As China develops its booming, fossil fuel-powered economy, is it taking lessons from the history of Western industrialization and the unforeseen environmental harms that accompanied it? Given the risks of climate change, is there an imperative, shared responsibility to help China respond to the environmental effects of its coal dependence? By linking global hazards to local air pollution concerns—from indoor stove smoke to burgeoning ground-level ozone—this volume of eighteen studies seeks integrated strategies to address simultaneously a range of harmful emissions. Counterbalancing the scientific inquiry are key chapters on China’s unique legal, institutional, political, and cultural factors in effective pollution control.

Energizing China, the stage-setting publication of an ongoing program of Harvard–China research collaboration, is distinguished by its conceptual breadth and spirit of exchange. Its contributors include twenty-two Western and seventeen Chinese scholars with a disciplinary reach that includes science, public health, engineering, economics, public policy, law, business, and China studies.

Jing Cao, Mun S. Ho, and Huifang Liang. 2016. “Household energy demand in urban China: Accounting for regional prices and rapid economic change.” The Energy Journal, 37. Publisher's VersionAbstract

Understanding the rapidly rising demand for energy in China is essential to efforts to reduce the country's energy use and environmental damage. In response to rising incomes and changing prices and demographics, household use of various fuels, electricity and gasoline has changed dramatically in China. In this paper, we estimate both income and price elasticities for various energy types using Chinese urban household micro-data collected by National bureau of Statistics, by applying a two-stage budgeting AIDS model. We find that total energy is price and income inelastic for all income groups after accounting for demographic and regional effects. Our estimated electricity price elasticity ranges from - 0.49 to -0.57, gas price elasticity ranges from -0.46 to -0.94, and gasoline price elasticity ranges from -0.85 to -0.94. Income elasticity for various energy types range from 0.57 to 0.94. Demand for coal is most price and income elastic among the poor, whereas gasoline demand is elastic for the rich.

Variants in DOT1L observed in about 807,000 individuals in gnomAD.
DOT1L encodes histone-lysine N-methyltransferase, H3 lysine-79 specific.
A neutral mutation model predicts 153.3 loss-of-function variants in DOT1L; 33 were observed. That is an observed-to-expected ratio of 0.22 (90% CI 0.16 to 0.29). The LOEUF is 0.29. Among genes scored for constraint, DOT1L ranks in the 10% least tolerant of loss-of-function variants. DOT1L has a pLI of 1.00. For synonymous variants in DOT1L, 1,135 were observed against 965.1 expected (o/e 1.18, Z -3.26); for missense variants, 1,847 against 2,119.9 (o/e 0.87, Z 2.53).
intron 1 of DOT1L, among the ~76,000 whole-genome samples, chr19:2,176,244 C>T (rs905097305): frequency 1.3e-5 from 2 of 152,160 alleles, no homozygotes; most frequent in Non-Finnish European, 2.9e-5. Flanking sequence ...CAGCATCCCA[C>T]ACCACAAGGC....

Jintai Lin and Michael B. McElroy. 2011. “Detection from space of a reduction in anthropogenic emissions of nitrogen oxides during the Chinese economic downturn.” Atmospheric Chemistry and Physics, 11, Pp. 8171-8188. Publisher's VersionAbstract
Rapid economic and industrial development in
China and relatively weak emission controls have resulted in
significant increases in emissions of nitrogen oxides (NOx)
in recent years, with the exception of late 2008 to mid 2009
when the economic downturn led to emission reductions detectable
from space. Here vertical column densities (VCDs)
of tropospheric NO2 retrieved from satellite observations by
SCIAMACHY, GOME-2 and OMI (both by KNMI and by
NASA) are used to evaluate changes in emissions of NOx
from October 2004 to February 2010 identifying impacts of
the economic downturn. Data over polluted regions of Northern
East China suggest an increase of 27–33% in 12-month
mean VCD of NO2 prior to the downturn, consistent with an
increase of 49% in thermal power generation (TPG) reflecting
the economic growth. More detailed analysis is used to
quantify changes in emissions of NOx in January over the
period 2005–2010 when the effect of the downturn was most
evident. The GEOS-Chem model is employed to evaluate
the effect of changes in chemistry and meteorology on VCD
of NO2. This analysis indicates that emissions decreased by
20% from January 2008 to January 2009, close to the reduction
of 18% in TPG that occurred over the same interval. A
combination of three independent approaches indicates that
the economic downturn was responsible for a reduction in
emissions by 9–11% in January 2009 with an additional decrease
of 10%attributed to the slow-down in industrial activity
associated with the coincident celebration of the Chinese
New Year; errors in the estimate are most likely less than
3.4 %.
Chris P Nielsen, Mun S Ho, Yu Zhao, Yuxuan Wang, Yu Lei, and Jing Cao. 2013. “Summary: Sulfur Mandates and Carbon Taxes for 2006-2010.” In Clearer Skies Over China: Reconciling Air Quality, Climate, and Economic Goals, Pp. 59-102. Cambridge, MA: MIT Press. Publisher's VersionAbstract